We listen. We care.
November 16, 2011
Leaders in the care of patients who face serious and life-limiting illness have designated November as National Hospice and Palliative Care Month, prompting more stories about both options. The Milwaukee Journal Sentinel gives a very good overview of palliative care and hospice in this Q&A with Dr. Diane Meier. The theme of this year’s observance is “We Listen. We Care.”
Listening is the No. 1 objective of our End-of-Life Consultation team (EOLC). Do you or someone you know face a serious illness? Do you have questions about palliative care or hospice? A Compassion & Choices representative will gladly answer any questions you or your loved ones have about what these options mean and how each can improve quality of life. Anyone can access an EOLC counselor at no cost by calling 800-247-7421.
Caring about the patient, especially at the end of life, is a key objective of our educational and advocacy efforts. Our goal is to change the focus of medical providers to the patient rather than the patient’s illness. This is the core of our principles for patient-centered care. As individuals face the end of life and try to navigate the health care system, their own values and choices should be paramount. Our seven principles — focus, self-determination, autonomy, personal beliefs, informed consent, balance and notice — are designed to guide health care providers and policymakers to place patients’ values at the center of end-of-life care.
End-of-life care should focus on the patient’s life and current experience. Too often death is seen as a failure of treatment, not a natural event. During this time, having choices can relieve hopelessness. The seven principles guide providers in putting the patient first:
1. Focus. End-of-life care should focus on the patient’s life and current experience.
2. Self-determination. Individuals vary in their tolerance for pain and suffering.
3. Autonomy. Decisions about end-of-life care begin and end with the autonomous patient.
4. Personal Beliefs. Patients should feel empowered to make decisions based on their own deeply held values and beliefs, without fear of moral condemnation or political interference.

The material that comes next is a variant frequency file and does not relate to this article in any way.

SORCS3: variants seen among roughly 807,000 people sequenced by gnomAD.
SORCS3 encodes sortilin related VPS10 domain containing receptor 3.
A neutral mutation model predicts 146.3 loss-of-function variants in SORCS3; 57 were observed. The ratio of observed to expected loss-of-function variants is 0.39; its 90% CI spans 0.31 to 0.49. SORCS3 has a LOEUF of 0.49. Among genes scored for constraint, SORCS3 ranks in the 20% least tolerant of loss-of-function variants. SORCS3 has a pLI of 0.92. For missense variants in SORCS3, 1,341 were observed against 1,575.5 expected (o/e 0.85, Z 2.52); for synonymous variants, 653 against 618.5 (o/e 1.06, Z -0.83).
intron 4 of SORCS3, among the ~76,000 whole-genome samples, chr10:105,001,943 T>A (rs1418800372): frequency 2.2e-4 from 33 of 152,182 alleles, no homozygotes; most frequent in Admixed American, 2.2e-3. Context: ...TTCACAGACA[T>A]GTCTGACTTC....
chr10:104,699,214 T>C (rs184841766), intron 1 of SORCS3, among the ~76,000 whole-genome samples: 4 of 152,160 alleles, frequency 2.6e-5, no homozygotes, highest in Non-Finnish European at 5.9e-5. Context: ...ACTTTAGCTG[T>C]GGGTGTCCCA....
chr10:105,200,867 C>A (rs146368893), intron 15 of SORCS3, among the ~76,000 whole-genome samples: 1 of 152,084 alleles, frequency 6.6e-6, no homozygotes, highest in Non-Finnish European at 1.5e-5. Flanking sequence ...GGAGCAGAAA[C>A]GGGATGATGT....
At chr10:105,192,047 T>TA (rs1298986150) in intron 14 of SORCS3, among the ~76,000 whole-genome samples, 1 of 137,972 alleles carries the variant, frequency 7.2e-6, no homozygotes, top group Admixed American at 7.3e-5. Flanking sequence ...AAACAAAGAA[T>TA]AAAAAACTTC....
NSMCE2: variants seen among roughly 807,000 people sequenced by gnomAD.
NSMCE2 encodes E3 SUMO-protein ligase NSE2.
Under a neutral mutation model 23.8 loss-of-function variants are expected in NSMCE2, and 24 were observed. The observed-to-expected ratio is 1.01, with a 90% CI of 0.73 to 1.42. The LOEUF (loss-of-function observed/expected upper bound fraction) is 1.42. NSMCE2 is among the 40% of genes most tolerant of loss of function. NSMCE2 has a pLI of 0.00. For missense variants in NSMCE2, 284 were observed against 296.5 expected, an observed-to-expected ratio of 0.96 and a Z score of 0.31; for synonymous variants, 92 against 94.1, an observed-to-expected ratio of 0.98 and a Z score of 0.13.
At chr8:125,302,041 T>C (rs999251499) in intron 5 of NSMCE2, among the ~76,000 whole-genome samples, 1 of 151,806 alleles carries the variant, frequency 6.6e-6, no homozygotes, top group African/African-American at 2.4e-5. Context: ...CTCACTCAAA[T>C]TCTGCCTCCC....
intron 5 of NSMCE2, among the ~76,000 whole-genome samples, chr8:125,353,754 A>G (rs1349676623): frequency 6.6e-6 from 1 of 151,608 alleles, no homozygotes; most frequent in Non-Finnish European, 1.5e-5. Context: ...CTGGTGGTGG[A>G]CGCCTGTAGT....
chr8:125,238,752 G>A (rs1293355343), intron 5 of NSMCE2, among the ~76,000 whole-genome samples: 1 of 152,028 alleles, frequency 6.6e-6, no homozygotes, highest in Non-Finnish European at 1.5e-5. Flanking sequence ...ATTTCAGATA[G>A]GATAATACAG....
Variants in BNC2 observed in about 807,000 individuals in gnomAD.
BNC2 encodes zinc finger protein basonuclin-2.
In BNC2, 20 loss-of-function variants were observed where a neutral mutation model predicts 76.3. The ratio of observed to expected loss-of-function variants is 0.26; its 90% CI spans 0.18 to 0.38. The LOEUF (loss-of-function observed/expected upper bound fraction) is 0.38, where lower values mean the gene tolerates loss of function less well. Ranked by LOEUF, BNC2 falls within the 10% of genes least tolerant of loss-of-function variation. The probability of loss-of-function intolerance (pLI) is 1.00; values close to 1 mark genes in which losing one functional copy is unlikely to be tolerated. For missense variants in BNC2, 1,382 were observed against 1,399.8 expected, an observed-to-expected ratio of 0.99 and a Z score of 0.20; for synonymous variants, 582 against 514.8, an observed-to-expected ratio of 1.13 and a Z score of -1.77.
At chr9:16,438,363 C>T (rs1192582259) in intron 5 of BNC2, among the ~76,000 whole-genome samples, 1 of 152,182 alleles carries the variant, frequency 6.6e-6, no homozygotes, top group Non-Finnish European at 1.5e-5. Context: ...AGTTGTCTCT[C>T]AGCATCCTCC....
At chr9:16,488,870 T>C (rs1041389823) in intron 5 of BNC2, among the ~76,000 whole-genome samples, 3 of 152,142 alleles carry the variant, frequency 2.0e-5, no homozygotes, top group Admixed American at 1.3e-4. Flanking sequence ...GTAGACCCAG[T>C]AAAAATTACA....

5. Informed Consent. Patients must have comprehensive, candid information in order to make valid decisions and give informed consent.
6. Balance. Patients should feel empowered to make decisions based on their own assessment of the balance between quantity and quality of life.
7. Notice. Patients must have early, forthright and complete notice of health care providers’ institutional or personal policies or beliefs that could impact their treatment wishes at the end of life.
Some physicians are reluctant to make a hospice referral if they believe there is a chance a patient’s disease can be still be treated. This typically occurs when oncologists are very invested in the “battle” against cancer. Remember your wishes and values are what matter most when determining whether to forgo further treatment that targets the disease.
The fifth principle, informed consent, requires that physicians give patients full and honest information about the pros and cons of all treatment options, both those directed at the patient’s illness and others for pain and symptom management. Compassion & Choices works for public policies to push the reality of medical practice closer to that principle, as I will discuss in a later post.
If you have an incurable and progressive disease and have not discussed hospice with your physician, we suggest you do so. While you may not need such assistance now, understanding how to enroll in hospice can be helpful and alerts your physician to your end-of-life wishes.
If your doctor is reluctant to refer you to hospice in a timely manner, many hospices provide a free in-home evaluation to determine whether your medical condition merits hospice care. If the hospice providers agree that you are eligible for their services, the hospice physician will contact your primary-care physician to obtain your medical history and transfer your care to the hospice professionals. You or a person you designate can contact any hospice in your community to arrange for this assessment.